Many people with or at risk for diabetes have difficulty maintaining normal postprandial blood glucose levels (120-140 mg/dl). Research has shown that vinegar decreases postprandial glycemia. The purpose of this study was to examine a possible mechanism by which vinegar decreases postprandial glycemia, particularly the effect of vinegar ingestion on gut fermentation. In this parallel arm randomized control trial, the effects of daily ingestion of vinegar on gut fermentation markers were observed among adults at risk for type 2 diabetes in Phoenix, Arizona. Subjects (n=14) were randomly assigned to treatments consisting of a vinegar drink (1.5g acetic acid) or a placebo (2 vinegar pills containing 40mg acetic acid each). All participants were required to consume the vinegar drink (16 oz) or 2 placebo pills every day for 12 weeks. At week 12, participants filled out a questionnaire to report gastrointestinal (GI) symptoms and three consecutive breath samples were taken from each subject to measure fasting breath hydrogen (BH2) with a breath analyzer. Fasting BH2 measures for the vinegar drink group (16.1+11.8 ppm) were significantly different than those from the pill group (3.6+1.4) with a partial eta squared of 0.39 (p=0.023). After adjusting for age as a confounding factor (r=0.406) and removing an outlier, fasting BH2 measures for the vinegar drink group (4.3+1.1 ppm) were still significantly different than those from the pill group (3.6+1.4) with a partial eta squared of 0.35 (p=0.045). Participants in both groups reported mild changes in GI symptoms. In conclusion, adults at risk for type 2 diabetes that consume 2 tablespoons of vinegar a day may have increased gut fermentation compared to those who do not consume vinegar.

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Agent

Created

Date Created
  • 2013

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Visceral fat reduction in response to red wine vinegar consumption

Description

To date, there have not been any studies in a human population that explore the potential of vinegar ingestion in reducing visceral fat, a common yet serious metabolic disease risk

To date, there have not been any studies in a human population that explore the potential of vinegar ingestion in reducing visceral fat, a common yet serious metabolic disease risk factor. However, previous research in animal models exhibit promising findings, showing that vinegar is effective at reducing visceral fat. This is thought to be due to the activation of AMPK (adenosine monophosphate protein kinase) by acetic acid, the active ingredient in vinegar. The purpose of this study was to identify if this potentially groundbreaking relationship exists in human subjects. Healthy, nonsmoking, sedentary adults between the ages 18-45 y and a waist circumference measurement greater than or equal to 33 inches for women and 38 inches for men were recruited for this study. Twenty-three participants completed this 8-week, parallel arm, randomized control trial that tested the efficacy of red wine vinegar consumption (2 tablespoons red wine vinegar, twice per day, before a meal; providing 3.6 g acetic acid) against a placebo (1 apple cider vinegar pill, twice per day, before a meal; providing 0.0225 g acetic acid) for 8 weeks. Participants were randomized into either the vinegar (VIN) or control (CON) group after being stratified by age, gender, waist circumference, and weight. Results found that the VIN group experienced a 2% decrease in visceral fat (cm3, quantified by a DXA scan), but this change did not differ significantly from that of the CON group (p=0.256). The VIN group also experienced a slight decrease in insulin compared to the CON group, but this change was not significantly different than the control change (p=0.125). However, the change in HOMA-IR trended downward in the VIN group (-16%) as compared to the CON group (+9%) (p=0.079) with a large effect size, 0.153. Other parameters did not show statistically significant results between the groups. Further research is indicated in order to examine the potential of vinegar to reduce visceral fat.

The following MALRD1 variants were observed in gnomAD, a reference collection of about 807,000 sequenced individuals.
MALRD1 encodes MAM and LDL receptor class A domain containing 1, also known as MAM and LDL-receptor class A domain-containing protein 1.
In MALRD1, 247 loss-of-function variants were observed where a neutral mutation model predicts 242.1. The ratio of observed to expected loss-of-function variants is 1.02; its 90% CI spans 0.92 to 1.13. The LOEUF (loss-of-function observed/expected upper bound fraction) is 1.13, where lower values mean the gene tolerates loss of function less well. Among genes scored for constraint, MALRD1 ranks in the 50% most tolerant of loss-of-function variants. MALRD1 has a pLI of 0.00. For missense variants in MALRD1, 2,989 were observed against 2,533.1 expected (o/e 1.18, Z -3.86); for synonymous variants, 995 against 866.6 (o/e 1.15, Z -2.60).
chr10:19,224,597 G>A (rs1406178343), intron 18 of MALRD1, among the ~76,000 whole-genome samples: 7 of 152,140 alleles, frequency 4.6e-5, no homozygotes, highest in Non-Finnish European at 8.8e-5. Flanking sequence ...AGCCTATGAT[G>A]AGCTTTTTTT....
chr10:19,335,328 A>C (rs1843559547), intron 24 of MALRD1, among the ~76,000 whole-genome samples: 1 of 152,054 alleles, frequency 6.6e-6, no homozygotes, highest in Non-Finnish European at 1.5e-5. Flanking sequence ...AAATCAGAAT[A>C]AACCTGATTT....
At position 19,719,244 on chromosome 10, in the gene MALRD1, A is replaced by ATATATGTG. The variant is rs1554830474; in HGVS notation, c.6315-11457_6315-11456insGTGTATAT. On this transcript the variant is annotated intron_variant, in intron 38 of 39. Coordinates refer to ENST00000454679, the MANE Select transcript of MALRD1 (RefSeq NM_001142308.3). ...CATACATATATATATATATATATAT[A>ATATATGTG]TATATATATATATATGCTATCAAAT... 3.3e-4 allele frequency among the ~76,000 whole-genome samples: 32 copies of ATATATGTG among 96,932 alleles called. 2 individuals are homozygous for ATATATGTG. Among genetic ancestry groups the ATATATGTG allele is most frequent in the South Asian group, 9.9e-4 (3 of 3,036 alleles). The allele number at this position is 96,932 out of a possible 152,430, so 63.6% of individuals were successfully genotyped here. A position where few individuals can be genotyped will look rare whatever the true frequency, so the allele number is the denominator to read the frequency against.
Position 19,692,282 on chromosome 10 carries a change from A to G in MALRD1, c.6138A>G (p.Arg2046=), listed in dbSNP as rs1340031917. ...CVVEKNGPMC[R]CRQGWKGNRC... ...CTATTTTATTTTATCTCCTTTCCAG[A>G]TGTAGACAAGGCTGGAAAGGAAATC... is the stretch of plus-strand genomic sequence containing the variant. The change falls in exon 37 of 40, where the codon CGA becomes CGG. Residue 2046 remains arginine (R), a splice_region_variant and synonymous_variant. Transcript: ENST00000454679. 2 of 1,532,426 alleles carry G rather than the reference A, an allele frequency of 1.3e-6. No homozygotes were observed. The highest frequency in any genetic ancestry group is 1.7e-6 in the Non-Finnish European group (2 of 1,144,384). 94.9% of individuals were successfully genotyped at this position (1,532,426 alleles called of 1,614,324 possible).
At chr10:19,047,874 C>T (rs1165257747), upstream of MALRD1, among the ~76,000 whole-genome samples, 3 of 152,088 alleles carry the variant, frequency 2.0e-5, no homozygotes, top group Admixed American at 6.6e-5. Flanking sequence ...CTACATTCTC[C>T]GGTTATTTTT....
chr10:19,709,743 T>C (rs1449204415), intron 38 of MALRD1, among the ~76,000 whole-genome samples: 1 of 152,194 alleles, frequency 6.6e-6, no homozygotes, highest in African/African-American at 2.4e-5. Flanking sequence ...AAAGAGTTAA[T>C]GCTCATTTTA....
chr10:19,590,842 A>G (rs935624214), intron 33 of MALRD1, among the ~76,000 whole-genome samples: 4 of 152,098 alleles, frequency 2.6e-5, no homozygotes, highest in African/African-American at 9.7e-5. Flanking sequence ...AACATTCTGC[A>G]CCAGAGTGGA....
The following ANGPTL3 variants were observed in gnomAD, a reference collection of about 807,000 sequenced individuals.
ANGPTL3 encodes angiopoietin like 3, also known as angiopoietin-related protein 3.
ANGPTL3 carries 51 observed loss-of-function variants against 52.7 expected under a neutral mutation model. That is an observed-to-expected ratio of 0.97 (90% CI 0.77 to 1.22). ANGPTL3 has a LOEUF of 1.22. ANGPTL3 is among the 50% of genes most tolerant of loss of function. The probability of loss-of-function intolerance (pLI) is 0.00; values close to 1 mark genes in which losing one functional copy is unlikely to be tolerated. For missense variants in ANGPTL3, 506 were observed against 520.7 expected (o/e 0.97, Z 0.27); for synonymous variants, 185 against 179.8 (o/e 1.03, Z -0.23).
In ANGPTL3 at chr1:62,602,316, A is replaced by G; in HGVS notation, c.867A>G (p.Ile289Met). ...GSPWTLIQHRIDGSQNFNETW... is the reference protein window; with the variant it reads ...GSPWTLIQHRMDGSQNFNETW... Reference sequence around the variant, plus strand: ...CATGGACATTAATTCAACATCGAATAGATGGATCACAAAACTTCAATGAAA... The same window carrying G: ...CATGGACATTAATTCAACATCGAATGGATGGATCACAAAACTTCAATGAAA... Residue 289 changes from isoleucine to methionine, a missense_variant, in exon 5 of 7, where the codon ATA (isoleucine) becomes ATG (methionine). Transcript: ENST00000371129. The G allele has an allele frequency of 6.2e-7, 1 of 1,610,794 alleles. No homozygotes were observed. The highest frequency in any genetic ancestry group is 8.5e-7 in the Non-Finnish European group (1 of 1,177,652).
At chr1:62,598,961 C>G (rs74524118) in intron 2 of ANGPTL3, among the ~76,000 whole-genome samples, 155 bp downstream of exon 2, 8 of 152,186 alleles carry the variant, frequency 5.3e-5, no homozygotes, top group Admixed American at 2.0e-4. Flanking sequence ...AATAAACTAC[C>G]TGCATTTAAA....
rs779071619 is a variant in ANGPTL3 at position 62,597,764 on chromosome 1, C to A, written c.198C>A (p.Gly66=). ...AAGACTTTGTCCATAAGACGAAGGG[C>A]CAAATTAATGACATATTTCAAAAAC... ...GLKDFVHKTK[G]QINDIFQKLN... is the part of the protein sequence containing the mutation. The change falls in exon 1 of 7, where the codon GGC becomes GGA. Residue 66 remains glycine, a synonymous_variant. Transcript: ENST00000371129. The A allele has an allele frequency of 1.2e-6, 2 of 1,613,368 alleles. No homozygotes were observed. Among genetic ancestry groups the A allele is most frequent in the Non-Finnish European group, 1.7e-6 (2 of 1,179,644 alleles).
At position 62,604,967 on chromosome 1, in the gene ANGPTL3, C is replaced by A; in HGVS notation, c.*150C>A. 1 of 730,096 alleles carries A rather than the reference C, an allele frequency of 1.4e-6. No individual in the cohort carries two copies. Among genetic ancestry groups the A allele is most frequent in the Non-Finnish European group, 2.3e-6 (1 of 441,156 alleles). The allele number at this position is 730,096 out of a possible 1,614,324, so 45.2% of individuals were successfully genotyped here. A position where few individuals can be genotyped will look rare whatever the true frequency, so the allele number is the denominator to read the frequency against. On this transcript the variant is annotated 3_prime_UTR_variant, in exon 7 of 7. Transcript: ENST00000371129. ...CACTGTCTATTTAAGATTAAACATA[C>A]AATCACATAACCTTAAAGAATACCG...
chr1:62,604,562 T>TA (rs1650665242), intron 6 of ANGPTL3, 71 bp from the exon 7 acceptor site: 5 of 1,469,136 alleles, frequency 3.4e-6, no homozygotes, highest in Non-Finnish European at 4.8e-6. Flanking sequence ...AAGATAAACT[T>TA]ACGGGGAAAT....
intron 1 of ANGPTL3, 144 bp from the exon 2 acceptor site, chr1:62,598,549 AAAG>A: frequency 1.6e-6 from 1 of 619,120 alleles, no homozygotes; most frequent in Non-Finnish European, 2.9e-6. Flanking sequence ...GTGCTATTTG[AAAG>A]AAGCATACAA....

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Agent

Created

Date Created
  • 2018

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Vinegar's effects on hemoglobin A1c and postprandial glycemia in individuals at risk for diabetes

Description

Objective: Vinegar consumption studies have demonstrated possible therapeutic effects in reducing HbA1c and postprandial glycemia. The purpose of the study was to closely examine the effects of a commercial vinegar

Objective: Vinegar consumption studies have demonstrated possible therapeutic effects in reducing HbA1c and postprandial glycemia. The purpose of the study was to closely examine the effects of a commercial vinegar drink on daily fluctuations in fasting glucose concentrations and postprandial glycemia, and on HbA1c, in individuals at risk for Type 2 Diabetes Mellitus (T2D). Design: Thirteen women and one man (21-62 y; mean, 46.0±3.9 y) participated in this 12-week parallel-arm trial. Participants were recruited from a campus community and were healthy and not diabetic by self-report. Participants were not prescribed oral hypoglycemic medications or insulin; other medications were allowed if use was stable for > 3 months. Subjects were randomized to one of two groups: VIN (8 ounces vinegar drink providing 1.5 g acetic acid) or CON (1 vinegar pill providing 0.04 g acetic acid). Treatments were taken twice daily immediately prior to the lunch and dinner meals. Venous blood samples were drawn at trial weeks 0 and 12 to measure insulin, fasting glucose, and HbA1c. Subjects recorded fasting glucose and 2-h postprandial glycemia concentrations daily using a glucometer. Results: The VIN group showed significant reductions in fasting capillary blood glucose concentrations (p=0.05) that were immediate and sustained throughout the duration of the study. The VIN group had reductions in 2-h postprandial glucose (mean change of −7.6±6.8 mg/dL over the 12-week trial), but this value was not significantly different than that for the CON group (mean change of 3.3±5.3 mg/dL over the 12-week trial, p=0.232). HbA1c did not significantly change (p=0.702), but the reduction in HbA1c in the VIN group, −0.14±0.1%, may have physiological relevance. Conclusions: Significant reductions in HbA1c were not observed after daily consumption of a vinegar drink containing 1.5 g acetic acid in non-diabetic individuals. However, the vinegar drink did significantly reduce fasting capillary blood glucose concentrations in these individuals as compared to a vinegar pill containing 0.04 g acetic acid. These results support a therapeutic effect for vinegar in T2D prevention and progression, specifically in high-risk populations.

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Agent

Created

Date Created
  • 2013